New virus discovered in prostate tumors
US researchers have discovered a virus in prostate tumors that was previously unknown in this form and has never been detected in humans. A close relative of this pathogen was only found in the genome of mice. The discovery was made possible by DNA chips, like those used to identify the Sars virus three years ago.
The researchers led by Eric Klein from the Urological Institute of the Cleveland Clinic tracked down the virus through a gene called RNASEL, which apparently belongs to the prostate's defense against viruses. In men with mutated forms of this gene, certain types of prostate tumors were observed with striking frequency, the scientists report. The new virus appeared significantly more often in prostate tumors when both versions of the RNASEL gene were mutated.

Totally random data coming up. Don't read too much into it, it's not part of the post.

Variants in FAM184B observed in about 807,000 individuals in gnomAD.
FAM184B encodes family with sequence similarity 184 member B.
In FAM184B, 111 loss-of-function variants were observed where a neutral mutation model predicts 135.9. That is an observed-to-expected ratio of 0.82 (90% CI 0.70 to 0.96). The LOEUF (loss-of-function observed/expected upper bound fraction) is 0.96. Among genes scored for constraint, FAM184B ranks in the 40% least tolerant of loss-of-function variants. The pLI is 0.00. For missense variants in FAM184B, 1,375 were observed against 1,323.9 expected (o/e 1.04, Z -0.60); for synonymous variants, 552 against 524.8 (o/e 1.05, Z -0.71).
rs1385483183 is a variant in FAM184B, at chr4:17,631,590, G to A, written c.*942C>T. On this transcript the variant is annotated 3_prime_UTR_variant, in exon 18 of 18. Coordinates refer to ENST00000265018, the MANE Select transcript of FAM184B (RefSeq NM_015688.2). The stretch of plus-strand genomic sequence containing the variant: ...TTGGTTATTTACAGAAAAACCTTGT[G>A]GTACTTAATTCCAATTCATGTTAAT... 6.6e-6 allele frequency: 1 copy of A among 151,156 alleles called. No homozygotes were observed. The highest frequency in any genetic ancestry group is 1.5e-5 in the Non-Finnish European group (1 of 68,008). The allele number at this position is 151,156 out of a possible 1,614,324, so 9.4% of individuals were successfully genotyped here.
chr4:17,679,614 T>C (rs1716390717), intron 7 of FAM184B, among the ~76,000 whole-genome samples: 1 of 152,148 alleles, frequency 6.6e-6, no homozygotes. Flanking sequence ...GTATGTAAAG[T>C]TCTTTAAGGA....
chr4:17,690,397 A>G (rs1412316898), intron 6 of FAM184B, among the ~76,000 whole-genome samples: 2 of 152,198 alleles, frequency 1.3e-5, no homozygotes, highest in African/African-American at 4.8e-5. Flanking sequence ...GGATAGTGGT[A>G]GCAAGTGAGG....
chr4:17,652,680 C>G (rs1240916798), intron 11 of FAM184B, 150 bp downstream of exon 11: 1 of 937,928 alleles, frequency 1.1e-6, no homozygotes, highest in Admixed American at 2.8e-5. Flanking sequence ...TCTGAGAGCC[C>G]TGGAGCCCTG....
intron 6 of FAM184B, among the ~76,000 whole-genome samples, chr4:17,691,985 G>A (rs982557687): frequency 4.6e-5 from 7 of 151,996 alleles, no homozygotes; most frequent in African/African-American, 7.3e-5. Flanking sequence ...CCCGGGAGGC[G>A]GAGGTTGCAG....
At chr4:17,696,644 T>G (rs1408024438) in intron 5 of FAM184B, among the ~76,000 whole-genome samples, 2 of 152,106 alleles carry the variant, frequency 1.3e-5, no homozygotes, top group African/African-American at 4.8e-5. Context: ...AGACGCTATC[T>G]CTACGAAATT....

The researchers say their new discovery confirms previous research suggesting that prostate cancer results from chronic inflammation, possibly caused by a viral infection. However, these connections would have to be examined further – as would the route of infection. Klein considers direct transmission from rodents to humans to be unlikely.